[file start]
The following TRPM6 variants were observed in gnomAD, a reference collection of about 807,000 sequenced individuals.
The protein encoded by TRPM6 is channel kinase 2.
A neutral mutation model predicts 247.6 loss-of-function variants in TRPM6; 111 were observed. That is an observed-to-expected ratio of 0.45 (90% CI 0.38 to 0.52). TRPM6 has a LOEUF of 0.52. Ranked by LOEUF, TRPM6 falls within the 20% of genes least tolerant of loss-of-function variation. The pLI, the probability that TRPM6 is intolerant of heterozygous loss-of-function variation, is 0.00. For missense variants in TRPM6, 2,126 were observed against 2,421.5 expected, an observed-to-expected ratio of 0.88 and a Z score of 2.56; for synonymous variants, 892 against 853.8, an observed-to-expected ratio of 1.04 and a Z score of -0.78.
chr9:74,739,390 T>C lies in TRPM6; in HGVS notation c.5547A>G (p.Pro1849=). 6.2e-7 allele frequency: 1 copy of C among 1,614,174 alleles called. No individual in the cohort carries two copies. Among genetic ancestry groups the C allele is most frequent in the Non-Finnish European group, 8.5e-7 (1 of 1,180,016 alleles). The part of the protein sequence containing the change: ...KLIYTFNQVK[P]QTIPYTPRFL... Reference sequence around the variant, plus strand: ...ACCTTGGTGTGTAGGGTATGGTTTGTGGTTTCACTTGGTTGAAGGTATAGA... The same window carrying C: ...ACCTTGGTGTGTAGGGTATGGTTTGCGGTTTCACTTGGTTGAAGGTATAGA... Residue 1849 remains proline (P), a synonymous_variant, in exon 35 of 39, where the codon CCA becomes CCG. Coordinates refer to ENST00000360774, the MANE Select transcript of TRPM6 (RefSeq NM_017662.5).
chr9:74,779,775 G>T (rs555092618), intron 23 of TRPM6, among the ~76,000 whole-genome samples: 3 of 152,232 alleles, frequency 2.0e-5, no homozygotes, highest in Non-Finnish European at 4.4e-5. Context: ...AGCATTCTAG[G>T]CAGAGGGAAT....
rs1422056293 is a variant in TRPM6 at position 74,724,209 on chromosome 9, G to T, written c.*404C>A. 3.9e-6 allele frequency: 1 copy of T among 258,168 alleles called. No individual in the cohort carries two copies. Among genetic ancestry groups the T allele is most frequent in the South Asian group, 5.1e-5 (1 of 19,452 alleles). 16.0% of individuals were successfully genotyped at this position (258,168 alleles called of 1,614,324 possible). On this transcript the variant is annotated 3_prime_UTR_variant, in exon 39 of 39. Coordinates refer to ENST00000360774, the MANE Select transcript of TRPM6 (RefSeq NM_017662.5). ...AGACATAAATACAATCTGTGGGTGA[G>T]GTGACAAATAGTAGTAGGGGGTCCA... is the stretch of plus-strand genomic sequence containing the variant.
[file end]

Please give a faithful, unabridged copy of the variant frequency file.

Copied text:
The following TRPM6 variants were observed in gnomAD, a reference collection of about 807,000 sequenced individuals.
The protein encoded by TRPM6 is channel kinase 2.
A neutral mutation model predicts 247.6 loss-of-function variants in TRPM6; 111 were observed. That is an observed-to-expected ratio of 0.45 (90% CI 0.38 to 0.52). TRPM6 has a LOEUF of 0.52. Ranked by LOEUF, TRPM6 falls within the 20% of genes least tolerant of loss-of-function variation. The pLI, the probability that TRPM6 is intolerant of heterozygous loss-of-function variation, is 0.00. For missense variants in TRPM6, 2,126 were observed against 2,421.5 expected, an observed-to-expected ratio of 0.88 and a Z score of 2.56; for synonymous variants, 892 against 853.8, an observed-to-expected ratio of 1.04 and a Z score of -0.78.
chr9:74,739,390 T>C lies in TRPM6; in HGVS notation c.5547A>G (p.Pro1849=). 6.2e-7 allele frequency: 1 copy of C among 1,614,174 alleles called. No individual in the cohort carries two copies. Among genetic ancestry groups the C allele is most frequent in the Non-Finnish European group, 8.5e-7 (1 of 1,180,016 alleles). The part of the protein sequence containing the change: ...KLIYTFNQVK[P]QTIPYTPRFL... Reference sequence around the variant, plus strand: ...ACCTTGGTGTGTAGGGTATGGTTTGTGGTTTCACTTGGTTGAAGGTATAGA... The same window carrying C: ...ACCTTGGTGTGTAGGGTATGGTTTGCGGTTTCACTTGGTTGAAGGTATAGA... Residue 1849 remains proline (P), a synonymous_variant, in exon 35 of 39, where the codon CCA becomes CCG. Coordinates refer to ENST00000360774, the MANE Select transcript of TRPM6 (RefSeq NM_017662.5).
chr9:74,779,775 G>T (rs555092618), intron 23 of TRPM6, among the ~76,000 whole-genome samples: 3 of 152,232 alleles, frequency 2.0e-5, no homozygotes, highest in Non-Finnish European at 4.4e-5. Context: ...AGCATTCTAG[G>T]CAGAGGGAAT....
rs1422056293 is a variant in TRPM6 at position 74,724,209 on chromosome 9, G to T, written c.*404C>A. 3.9e-6 allele frequency: 1 copy of T among 258,168 alleles called. No individual in the cohort carries two copies. Among genetic ancestry groups the T allele is most frequent in the South Asian group, 5.1e-5 (1 of 19,452 alleles). 16.0% of individuals were successfully genotyped at this position (258,168 alleles called of 1,614,324 possible). On this transcript the variant is annotated 3_prime_UTR_variant, in exon 39 of 39. Coordinates refer to ENST00000360774, the MANE Select transcript of TRPM6 (RefSeq NM_017662.5). ...AGACATAAATACAATCTGTGGGTGA[G>T]GTGACAAATAGTAGTAGGGGGTCCA... is the stretch of plus-strand genomic sequence containing the variant.